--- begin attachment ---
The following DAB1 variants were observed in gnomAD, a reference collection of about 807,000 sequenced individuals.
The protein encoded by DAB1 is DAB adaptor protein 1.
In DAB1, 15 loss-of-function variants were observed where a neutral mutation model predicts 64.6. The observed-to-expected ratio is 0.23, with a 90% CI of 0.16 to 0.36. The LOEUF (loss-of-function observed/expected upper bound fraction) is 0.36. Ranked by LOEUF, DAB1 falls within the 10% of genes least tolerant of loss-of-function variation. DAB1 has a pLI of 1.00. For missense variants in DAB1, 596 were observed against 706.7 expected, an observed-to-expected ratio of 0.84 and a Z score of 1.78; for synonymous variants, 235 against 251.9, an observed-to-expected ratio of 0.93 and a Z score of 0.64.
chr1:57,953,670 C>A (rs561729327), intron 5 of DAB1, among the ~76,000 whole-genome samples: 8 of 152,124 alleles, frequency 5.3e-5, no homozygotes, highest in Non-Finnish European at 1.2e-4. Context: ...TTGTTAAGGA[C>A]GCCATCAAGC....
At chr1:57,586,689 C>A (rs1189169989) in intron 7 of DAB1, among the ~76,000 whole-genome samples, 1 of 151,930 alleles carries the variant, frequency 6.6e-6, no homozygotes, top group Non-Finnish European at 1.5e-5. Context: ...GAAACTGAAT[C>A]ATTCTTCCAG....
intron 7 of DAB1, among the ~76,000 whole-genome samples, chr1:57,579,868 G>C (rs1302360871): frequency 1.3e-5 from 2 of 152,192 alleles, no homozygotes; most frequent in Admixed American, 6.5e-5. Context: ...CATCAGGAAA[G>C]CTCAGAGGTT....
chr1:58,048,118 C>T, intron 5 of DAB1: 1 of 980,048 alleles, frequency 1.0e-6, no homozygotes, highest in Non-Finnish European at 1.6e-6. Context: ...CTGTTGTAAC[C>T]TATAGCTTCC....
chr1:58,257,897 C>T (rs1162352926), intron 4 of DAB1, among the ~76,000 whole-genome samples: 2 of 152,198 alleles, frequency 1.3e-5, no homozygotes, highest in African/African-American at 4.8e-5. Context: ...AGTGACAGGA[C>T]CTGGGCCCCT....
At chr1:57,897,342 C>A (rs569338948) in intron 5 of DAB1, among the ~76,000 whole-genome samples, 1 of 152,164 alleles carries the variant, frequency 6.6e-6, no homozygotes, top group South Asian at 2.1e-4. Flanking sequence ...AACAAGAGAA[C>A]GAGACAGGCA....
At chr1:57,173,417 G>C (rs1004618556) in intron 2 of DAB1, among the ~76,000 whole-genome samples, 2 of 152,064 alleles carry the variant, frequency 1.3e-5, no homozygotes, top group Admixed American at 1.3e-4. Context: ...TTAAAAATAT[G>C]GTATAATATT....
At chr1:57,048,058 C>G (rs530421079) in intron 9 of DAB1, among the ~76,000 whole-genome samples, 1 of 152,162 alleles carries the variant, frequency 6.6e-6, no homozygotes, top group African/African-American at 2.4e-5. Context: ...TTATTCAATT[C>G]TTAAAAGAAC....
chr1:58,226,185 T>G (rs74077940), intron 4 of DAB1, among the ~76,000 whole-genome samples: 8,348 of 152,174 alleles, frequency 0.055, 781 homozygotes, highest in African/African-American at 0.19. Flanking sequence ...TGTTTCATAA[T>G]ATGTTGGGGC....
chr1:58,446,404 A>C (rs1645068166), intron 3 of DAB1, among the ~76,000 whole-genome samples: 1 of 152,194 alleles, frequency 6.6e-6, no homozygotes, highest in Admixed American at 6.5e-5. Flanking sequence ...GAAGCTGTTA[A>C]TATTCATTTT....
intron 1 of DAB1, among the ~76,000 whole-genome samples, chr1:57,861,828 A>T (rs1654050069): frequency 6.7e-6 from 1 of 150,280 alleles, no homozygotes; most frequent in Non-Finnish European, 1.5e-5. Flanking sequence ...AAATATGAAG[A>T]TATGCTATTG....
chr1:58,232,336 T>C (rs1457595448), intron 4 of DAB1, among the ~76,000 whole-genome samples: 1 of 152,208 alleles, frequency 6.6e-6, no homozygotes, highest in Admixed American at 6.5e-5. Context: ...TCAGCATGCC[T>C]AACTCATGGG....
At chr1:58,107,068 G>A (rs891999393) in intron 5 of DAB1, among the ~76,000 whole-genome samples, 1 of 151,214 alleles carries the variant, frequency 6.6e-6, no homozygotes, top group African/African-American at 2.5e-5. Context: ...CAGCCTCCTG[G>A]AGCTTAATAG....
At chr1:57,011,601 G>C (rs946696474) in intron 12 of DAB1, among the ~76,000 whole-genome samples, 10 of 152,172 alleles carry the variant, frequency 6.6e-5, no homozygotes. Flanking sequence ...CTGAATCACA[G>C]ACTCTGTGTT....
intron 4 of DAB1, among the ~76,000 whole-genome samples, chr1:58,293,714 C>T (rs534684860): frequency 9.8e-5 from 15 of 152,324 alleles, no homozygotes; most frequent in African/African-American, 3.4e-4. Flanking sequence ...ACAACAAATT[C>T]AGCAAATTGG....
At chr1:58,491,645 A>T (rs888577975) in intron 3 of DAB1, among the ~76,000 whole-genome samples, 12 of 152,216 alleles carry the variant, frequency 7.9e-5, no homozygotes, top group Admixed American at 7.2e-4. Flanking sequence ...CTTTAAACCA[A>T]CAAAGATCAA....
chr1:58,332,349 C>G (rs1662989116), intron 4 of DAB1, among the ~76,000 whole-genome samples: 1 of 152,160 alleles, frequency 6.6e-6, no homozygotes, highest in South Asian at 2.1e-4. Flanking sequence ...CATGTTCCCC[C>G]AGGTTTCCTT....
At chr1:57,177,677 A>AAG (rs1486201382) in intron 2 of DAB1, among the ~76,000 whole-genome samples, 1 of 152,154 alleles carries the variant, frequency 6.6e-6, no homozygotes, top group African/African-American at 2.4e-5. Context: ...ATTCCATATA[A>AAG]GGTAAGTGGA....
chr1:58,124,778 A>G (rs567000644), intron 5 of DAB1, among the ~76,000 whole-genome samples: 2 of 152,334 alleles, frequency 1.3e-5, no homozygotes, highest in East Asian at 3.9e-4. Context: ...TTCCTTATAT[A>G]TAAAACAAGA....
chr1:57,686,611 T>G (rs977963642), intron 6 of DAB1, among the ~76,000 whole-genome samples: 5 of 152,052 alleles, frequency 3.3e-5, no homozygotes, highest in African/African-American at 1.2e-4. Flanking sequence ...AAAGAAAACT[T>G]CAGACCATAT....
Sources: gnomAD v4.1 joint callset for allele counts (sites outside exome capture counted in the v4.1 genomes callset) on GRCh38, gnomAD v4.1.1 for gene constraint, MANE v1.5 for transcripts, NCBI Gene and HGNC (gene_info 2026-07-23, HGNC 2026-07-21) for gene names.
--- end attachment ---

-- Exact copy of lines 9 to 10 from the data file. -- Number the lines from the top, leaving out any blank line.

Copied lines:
At chr1:57,897,342 C>A (rs569338948) in intron 5 of DAB1, among the ~76,000 whole-genome samples, 1 of 152,164 alleles carries the variant, frequency 6.6e-6, no homozygotes, top group South Asian at 2.1e-4. Flanking sequence ...AACAAGAGAA[C>A]GAGACAGGCA....
At chr1:57,173,417 G>C (rs1004618556) in intron 2 of DAB1, among the ~76,000 whole-genome samples, 2 of 152,064 alleles carry the variant, frequency 1.3e-5, no homozygotes, top group Admixed American at 1.3e-4. Context: ...TTAAAAATAT[G>C]GTATAATATT....